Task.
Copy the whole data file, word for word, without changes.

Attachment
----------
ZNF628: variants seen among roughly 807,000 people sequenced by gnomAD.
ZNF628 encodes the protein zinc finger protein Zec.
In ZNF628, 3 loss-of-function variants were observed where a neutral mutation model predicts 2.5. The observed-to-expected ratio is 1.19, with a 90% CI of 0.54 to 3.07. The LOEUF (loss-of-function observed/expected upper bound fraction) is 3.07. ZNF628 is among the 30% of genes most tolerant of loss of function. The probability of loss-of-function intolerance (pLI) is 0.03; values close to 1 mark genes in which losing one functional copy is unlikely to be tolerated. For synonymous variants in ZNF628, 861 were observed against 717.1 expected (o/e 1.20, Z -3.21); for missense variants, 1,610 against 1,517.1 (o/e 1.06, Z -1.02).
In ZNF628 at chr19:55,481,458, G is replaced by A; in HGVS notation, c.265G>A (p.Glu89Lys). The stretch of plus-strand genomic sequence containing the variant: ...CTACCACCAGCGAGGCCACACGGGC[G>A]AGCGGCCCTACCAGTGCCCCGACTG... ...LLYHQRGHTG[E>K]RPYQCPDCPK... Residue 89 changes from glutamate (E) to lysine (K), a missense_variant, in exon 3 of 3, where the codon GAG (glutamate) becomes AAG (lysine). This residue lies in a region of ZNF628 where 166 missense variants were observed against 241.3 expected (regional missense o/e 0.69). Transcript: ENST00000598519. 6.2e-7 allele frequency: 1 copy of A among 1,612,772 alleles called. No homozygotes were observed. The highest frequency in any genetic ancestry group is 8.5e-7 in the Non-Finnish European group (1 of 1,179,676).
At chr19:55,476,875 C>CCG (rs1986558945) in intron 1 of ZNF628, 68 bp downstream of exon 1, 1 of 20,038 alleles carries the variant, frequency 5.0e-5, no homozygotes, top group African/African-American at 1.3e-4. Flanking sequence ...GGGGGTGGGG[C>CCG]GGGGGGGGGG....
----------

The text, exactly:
ZNF628: variants seen among roughly 807,000 people sequenced by gnomAD.
ZNF628 encodes the protein zinc finger protein Zec.
In ZNF628, 3 loss-of-function variants were observed where a neutral mutation model predicts 2.5. The observed-to-expected ratio is 1.19, with a 90% CI of 0.54 to 3.07. The LOEUF (loss-of-function observed/expected upper bound fraction) is 3.07. ZNF628 is among the 30% of genes most tolerant of loss of function. The probability of loss-of-function intolerance (pLI) is 0.03; values close to 1 mark genes in which losing one functional copy is unlikely to be tolerated. For synonymous variants in ZNF628, 861 were observed against 717.1 expected (o/e 1.20, Z -3.21); for missense variants, 1,610 against 1,517.1 (o/e 1.06, Z -1.02).
In ZNF628 at chr19:55,481,458, G is replaced by A; in HGVS notation, c.265G>A (p.Glu89Lys). The stretch of plus-strand genomic sequence containing the variant: ...CTACCACCAGCGAGGCCACACGGGC[G>A]AGCGGCCCTACCAGTGCCCCGACTG... ...LLYHQRGHTG[E>K]RPYQCPDCPK... Residue 89 changes from glutamate (E) to lysine (K), a missense_variant, in exon 3 of 3, where the codon GAG (glutamate) becomes AAG (lysine). This residue lies in a region of ZNF628 where 166 missense variants were observed against 241.3 expected (regional missense o/e 0.69). Transcript: ENST00000598519. 6.2e-7 allele frequency: 1 copy of A among 1,612,772 alleles called. No homozygotes were observed. The highest frequency in any genetic ancestry group is 8.5e-7 in the Non-Finnish European group (1 of 1,179,676).
At chr19:55,476,875 C>CCG (rs1986558945) in intron 1 of ZNF628, 68 bp downstream of exon 1, 1 of 20,038 alleles carries the variant, frequency 5.0e-5, no homozygotes, top group African/African-American at 1.3e-4. Flanking sequence ...GGGGGTGGGG[C>CCG]GGGGGGGGGG....